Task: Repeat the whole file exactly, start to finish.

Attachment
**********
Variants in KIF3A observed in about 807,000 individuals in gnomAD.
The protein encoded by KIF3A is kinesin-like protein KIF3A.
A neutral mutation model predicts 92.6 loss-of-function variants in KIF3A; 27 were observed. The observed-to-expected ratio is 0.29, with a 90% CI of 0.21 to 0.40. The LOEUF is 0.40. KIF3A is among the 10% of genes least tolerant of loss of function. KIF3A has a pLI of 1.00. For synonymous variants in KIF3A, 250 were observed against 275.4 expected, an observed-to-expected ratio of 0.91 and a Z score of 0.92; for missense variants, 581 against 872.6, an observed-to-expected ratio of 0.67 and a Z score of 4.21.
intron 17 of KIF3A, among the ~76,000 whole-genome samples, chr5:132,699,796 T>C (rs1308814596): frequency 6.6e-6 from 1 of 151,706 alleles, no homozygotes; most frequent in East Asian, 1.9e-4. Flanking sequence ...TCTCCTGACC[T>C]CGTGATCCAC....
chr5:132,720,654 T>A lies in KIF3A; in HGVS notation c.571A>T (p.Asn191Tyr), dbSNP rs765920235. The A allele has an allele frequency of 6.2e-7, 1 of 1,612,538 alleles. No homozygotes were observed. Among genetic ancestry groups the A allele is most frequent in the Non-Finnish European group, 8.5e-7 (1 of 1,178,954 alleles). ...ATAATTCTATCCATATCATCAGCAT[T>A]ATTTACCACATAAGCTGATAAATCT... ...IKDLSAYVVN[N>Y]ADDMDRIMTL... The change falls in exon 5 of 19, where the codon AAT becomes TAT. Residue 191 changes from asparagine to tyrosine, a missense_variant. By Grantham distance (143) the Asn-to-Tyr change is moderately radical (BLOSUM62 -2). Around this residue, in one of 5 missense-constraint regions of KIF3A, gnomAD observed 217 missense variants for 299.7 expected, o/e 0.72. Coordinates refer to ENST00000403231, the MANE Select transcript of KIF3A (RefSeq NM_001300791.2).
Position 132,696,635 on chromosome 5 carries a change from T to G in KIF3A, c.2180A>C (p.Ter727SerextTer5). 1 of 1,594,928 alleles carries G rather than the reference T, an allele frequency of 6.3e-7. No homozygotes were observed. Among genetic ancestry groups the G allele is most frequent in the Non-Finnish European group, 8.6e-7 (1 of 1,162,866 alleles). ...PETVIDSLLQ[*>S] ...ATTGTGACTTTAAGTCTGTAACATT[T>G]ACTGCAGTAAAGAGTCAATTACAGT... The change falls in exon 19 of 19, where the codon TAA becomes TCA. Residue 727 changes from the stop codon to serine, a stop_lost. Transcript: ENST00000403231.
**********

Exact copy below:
Variants in KIF3A observed in about 807,000 individuals in gnomAD.
The protein encoded by KIF3A is kinesin-like protein KIF3A.
A neutral mutation model predicts 92.6 loss-of-function variants in KIF3A; 27 were observed. The observed-to-expected ratio is 0.29, with a 90% CI of 0.21 to 0.40. The LOEUF is 0.40. KIF3A is among the 10% of genes least tolerant of loss of function. KIF3A has a pLI of 1.00. For synonymous variants in KIF3A, 250 were observed against 275.4 expected, an observed-to-expected ratio of 0.91 and a Z score of 0.92; for missense variants, 581 against 872.6, an observed-to-expected ratio of 0.67 and a Z score of 4.21.
intron 17 of KIF3A, among the ~76,000 whole-genome samples, chr5:132,699,796 T>C (rs1308814596): frequency 6.6e-6 from 1 of 151,706 alleles, no homozygotes; most frequent in East Asian, 1.9e-4. Flanking sequence ...TCTCCTGACC[T>C]CGTGATCCAC....
chr5:132,720,654 T>A lies in KIF3A; in HGVS notation c.571A>T (p.Asn191Tyr), dbSNP rs765920235. The A allele has an allele frequency of 6.2e-7, 1 of 1,612,538 alleles. No homozygotes were observed. Among genetic ancestry groups the A allele is most frequent in the Non-Finnish European group, 8.5e-7 (1 of 1,178,954 alleles). ...ATAATTCTATCCATATCATCAGCAT[T>A]ATTTACCACATAAGCTGATAAATCT... ...IKDLSAYVVN[N>Y]ADDMDRIMTL... The change falls in exon 5 of 19, where the codon AAT becomes TAT. Residue 191 changes from asparagine to tyrosine, a missense_variant. By Grantham distance (143) the Asn-to-Tyr change is moderately radical (BLOSUM62 -2). Around this residue, in one of 5 missense-constraint regions of KIF3A, gnomAD observed 217 missense variants for 299.7 expected, o/e 0.72. Coordinates refer to ENST00000403231, the MANE Select transcript of KIF3A (RefSeq NM_001300791.2).
Position 132,696,635 on chromosome 5 carries a change from T to G in KIF3A, c.2180A>C (p.Ter727SerextTer5). 1 of 1,594,928 alleles carries G rather than the reference T, an allele frequency of 6.3e-7. No homozygotes were observed. Among genetic ancestry groups the G allele is most frequent in the Non-Finnish European group, 8.6e-7 (1 of 1,162,866 alleles). ...PETVIDSLLQ[*>S] ...ATTGTGACTTTAAGTCTGTAACATT[T>G]ACTGCAGTAAAGAGTCAATTACAGT... The change falls in exon 19 of 19, where the codon TAA becomes TCA. Residue 727 changes from the stop codon to serine, a stop_lost. Transcript: ENST00000403231.